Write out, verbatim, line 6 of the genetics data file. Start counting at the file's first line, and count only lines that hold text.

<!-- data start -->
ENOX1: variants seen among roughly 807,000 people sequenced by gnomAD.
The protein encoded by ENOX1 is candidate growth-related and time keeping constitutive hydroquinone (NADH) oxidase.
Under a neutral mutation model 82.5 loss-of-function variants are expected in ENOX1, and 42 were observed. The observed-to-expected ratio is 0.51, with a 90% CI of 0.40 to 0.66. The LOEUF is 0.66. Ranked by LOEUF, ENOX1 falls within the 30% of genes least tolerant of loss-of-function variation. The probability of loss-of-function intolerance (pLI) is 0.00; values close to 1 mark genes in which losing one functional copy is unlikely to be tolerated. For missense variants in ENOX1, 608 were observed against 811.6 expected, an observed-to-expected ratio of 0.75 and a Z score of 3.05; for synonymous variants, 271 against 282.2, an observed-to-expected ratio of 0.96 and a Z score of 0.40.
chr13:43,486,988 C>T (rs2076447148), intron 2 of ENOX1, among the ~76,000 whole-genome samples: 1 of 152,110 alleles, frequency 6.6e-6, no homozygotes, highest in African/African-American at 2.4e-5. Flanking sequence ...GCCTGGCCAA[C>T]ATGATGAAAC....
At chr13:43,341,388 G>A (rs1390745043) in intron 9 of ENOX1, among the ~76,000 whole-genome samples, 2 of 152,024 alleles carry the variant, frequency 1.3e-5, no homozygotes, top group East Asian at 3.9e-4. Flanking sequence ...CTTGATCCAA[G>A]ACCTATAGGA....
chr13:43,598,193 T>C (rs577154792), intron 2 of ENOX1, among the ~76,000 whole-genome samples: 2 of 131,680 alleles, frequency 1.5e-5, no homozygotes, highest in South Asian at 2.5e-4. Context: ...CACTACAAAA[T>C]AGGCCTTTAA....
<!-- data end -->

chr13:43,598,193 T>C (rs577154792), intron 2 of ENOX1, among the ~76,000 whole-genome samples: 2 of 131,680 alleles, frequency 1.5e-5, no homozygotes, highest in South Asian at 2.5e-4. Context: ...CACTACAAAA[T>C]AGGCCTTTAA....